(1) utility of the product to the public as a whole and to the individual user;
(2) the nature of the product — that is, the likelihood that it will cause injury;
(3) the availability of a safer design;
(4) the potential for designing and manufacturing the product so that it is safer but remains functional and reasonably priced;
(5) the ability of the plaintiff to have avoided injury by careful use of the product;
(6) the degree of awareness of the potential danger of the product which reasonably can be attributed to the plaintiff; and
(7) the manufacturer's ability to spread any costs related to improving the safety of the design.”11
When the software onboard a FAV or SAV makes a choice that results in damage or injury, a court may undertake a similar risk-utility analysis to determine whether the underlying software was negligently designed. The outcome of this analysis may determine the liability, if any, of the manufacturer. Will Canadian courts turn to the risk-utility analysis when determining liability for a manufacturer in an accident involving a SAV? Only time will tell but it seems that Rentway is a good starting point.
Before being able to answer question (b), it is helpful to take a brief look at the legislative intent behind Fault Determination Rules.
In State Farm Mutual Automobile Insurance Company v. Aviva Canada Inc., the Court of Appeal found as follows:
The legislation which creates the loss transfer scheme consists of the relevant provisions of the Insurance Act together with the FDRs. The purpose of the loss transfer scheme is to provide for an expedient and summary method of spreading the cost of statutory accident benefits among insurers, in a gross and somewhat arbitrary fashion, favouring expediency and economy over finite exactitude.12
Thus, whether the insurance industry will need to develop guidelines similar to the Fault Determination Rules (e.g. if a SAV crashes into a non-autonomous vehicle, do they split 50/50 liability) will depend on how expensive it will be to litigate questions of liability involving a SAV or FAV. If even minor crashes lead to a very costly investigation then perhaps Fault Determination Rules for minor accidents involving SAVs or FAVs will be adopted.
As for question (c), for guidance, Canadian courts will have a plethora of legislation to look to. Many states in the US have already enacted legislation related to autonomous vehicles, including Washington D.C., Nevada, California, Florida, Michigan, North Dakota, and Tennessee.13 By way of example, Washington, D.C. passed bill 2012 DC B 19-0931 which:
Defines "autonomous vehicle” as "a vehicle capable of navigating District roadways and interpreting traffic-control devices without a driver actively operating any of the vehicle’s control systems." Requires a human driver "prepared to take control of the autonomous vehicle at any moment." Restricts conversion to recent vehicles, and addresses liability of the original manufacturer of a converted vehicle.14
Enacted and effective from April 23, 2013
Finally, question (d) is a very important one that is outside of the scope of this article and one that can only be resolved after much debate between all stakeholders.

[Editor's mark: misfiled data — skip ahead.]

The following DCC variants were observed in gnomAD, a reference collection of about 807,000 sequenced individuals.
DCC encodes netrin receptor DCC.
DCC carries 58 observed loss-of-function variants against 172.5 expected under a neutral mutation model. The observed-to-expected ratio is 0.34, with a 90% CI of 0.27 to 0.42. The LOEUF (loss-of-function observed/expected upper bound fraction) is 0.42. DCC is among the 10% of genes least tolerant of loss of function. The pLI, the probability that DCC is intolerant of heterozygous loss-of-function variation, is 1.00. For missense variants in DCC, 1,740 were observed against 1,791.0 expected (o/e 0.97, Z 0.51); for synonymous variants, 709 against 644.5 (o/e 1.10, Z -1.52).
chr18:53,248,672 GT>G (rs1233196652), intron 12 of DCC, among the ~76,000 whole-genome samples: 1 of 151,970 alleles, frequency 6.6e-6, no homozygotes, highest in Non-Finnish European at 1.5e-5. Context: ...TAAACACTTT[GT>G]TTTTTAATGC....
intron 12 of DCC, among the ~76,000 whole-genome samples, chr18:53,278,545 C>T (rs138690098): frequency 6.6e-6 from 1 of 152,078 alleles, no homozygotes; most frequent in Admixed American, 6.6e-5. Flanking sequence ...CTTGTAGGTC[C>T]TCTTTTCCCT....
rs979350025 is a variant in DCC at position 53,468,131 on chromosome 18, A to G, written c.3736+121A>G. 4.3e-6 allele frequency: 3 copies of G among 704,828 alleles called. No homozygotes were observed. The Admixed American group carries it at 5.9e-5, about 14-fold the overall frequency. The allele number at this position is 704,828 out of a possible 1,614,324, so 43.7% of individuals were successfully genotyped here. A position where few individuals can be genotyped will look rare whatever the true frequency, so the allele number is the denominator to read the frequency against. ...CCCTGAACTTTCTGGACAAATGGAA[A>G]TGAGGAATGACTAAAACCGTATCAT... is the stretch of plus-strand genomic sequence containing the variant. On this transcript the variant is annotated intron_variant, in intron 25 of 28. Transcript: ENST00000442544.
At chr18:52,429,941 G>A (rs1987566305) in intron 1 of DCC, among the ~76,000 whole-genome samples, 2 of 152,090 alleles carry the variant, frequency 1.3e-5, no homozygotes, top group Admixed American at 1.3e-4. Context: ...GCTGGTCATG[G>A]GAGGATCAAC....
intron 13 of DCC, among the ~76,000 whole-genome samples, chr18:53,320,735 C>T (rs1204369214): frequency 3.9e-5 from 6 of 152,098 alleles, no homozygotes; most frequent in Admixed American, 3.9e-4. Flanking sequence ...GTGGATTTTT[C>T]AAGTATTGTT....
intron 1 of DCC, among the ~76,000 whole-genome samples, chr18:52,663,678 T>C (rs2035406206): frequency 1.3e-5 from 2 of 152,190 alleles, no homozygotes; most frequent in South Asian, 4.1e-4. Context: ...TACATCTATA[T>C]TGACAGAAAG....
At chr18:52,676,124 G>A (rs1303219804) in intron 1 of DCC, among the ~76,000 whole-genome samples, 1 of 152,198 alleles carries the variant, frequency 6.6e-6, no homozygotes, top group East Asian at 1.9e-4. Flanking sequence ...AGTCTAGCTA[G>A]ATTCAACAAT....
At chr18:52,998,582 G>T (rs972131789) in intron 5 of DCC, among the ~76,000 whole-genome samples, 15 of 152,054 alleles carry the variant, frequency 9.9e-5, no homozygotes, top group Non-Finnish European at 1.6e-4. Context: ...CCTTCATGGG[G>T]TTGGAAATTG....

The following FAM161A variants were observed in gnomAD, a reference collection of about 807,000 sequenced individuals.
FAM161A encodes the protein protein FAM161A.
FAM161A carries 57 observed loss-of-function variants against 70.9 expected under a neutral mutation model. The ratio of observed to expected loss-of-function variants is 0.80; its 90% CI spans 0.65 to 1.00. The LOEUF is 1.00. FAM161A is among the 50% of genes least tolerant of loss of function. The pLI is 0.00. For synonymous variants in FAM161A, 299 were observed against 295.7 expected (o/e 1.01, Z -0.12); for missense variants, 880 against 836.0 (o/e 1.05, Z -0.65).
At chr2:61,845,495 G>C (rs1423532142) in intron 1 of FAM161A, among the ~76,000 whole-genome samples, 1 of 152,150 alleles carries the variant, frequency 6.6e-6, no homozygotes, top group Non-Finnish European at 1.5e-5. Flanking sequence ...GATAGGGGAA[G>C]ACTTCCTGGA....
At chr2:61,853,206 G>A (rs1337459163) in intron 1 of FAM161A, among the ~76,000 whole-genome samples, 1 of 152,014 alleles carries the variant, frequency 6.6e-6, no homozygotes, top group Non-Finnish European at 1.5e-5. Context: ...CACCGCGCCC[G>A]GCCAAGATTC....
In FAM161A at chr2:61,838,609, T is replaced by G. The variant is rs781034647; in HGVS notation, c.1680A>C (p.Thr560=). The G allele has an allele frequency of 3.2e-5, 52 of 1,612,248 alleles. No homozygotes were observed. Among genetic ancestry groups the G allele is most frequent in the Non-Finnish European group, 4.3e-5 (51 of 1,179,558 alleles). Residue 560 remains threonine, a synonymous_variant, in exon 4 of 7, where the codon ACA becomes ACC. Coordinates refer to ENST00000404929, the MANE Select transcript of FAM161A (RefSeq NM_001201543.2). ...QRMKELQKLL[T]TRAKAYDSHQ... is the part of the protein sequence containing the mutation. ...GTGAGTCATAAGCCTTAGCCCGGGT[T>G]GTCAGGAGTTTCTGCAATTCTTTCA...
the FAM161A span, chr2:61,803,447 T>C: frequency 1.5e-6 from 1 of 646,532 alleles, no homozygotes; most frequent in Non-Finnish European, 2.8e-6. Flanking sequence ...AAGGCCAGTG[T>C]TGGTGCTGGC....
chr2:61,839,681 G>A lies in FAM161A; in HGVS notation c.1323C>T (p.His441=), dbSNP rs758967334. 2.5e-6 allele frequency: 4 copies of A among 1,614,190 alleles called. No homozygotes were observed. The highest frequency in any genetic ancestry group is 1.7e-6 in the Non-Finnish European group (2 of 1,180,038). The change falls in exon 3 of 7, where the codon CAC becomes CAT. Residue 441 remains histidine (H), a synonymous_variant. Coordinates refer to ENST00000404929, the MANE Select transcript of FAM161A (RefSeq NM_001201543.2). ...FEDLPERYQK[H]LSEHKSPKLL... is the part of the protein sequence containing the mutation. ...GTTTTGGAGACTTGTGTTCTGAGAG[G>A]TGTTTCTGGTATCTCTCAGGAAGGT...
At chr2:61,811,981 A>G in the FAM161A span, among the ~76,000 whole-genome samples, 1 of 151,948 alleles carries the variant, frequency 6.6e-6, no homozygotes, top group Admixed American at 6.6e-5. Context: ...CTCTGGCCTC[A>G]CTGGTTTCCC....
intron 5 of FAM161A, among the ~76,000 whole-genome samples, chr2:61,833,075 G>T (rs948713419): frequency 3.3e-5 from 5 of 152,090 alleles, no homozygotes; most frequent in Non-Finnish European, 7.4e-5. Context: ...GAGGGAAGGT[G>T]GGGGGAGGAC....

4. More Commercial Insurance vs. Personal Insurance
The marketplace will likely move away from personal vehicles and instead towards a marketplace where vehicle sharing structures are used.15 This could create a “mobility on demand” society.16 Already this is becoming more popular among young people in urban settings where they choose not to own their own vehicle. This will result in an increase in commercial auto insurance covering these urban fleets of vehicles.17 This will lead to a corresponding decrease in personal auto insurance as less vehicles are owned personally. What changes do insurers need to make to their workforce in anticipation of this change?
5. New Players
With this new reality bringing fundamental changes to the insurance industry, the door has been opened for new players to enter into the industry. Google has already emerged and dipped their toes into the insurance industry with Google Compare Auto Insurance Services. However, this product only helps users compare car insurance in order to choose the right product, and as of March 23, 2016 was discontinued by Google. What new business models will emerge out of this changing industry?
As decisions on SAVs and eventually FAVs make their way through the court system, undoubtedly the insurance industry will be watching closely and adapting their products (i.e. providing and revising policy coverage) as these initial cases are decided.
SAVs are already here and FAVs are on the horizon. By the end of this decade SAVs will likely become a common sight on the road. The insurance industry, the role of auto insurance adjusters, and the way that motor vehicle accident cases will be litigated will certainly undergo significant changes. The insurers that work proactively to prepare for these changes will no doubt fare the best as we enter this new era.
Contributions to this article were also made by articling student Emma Dalziel.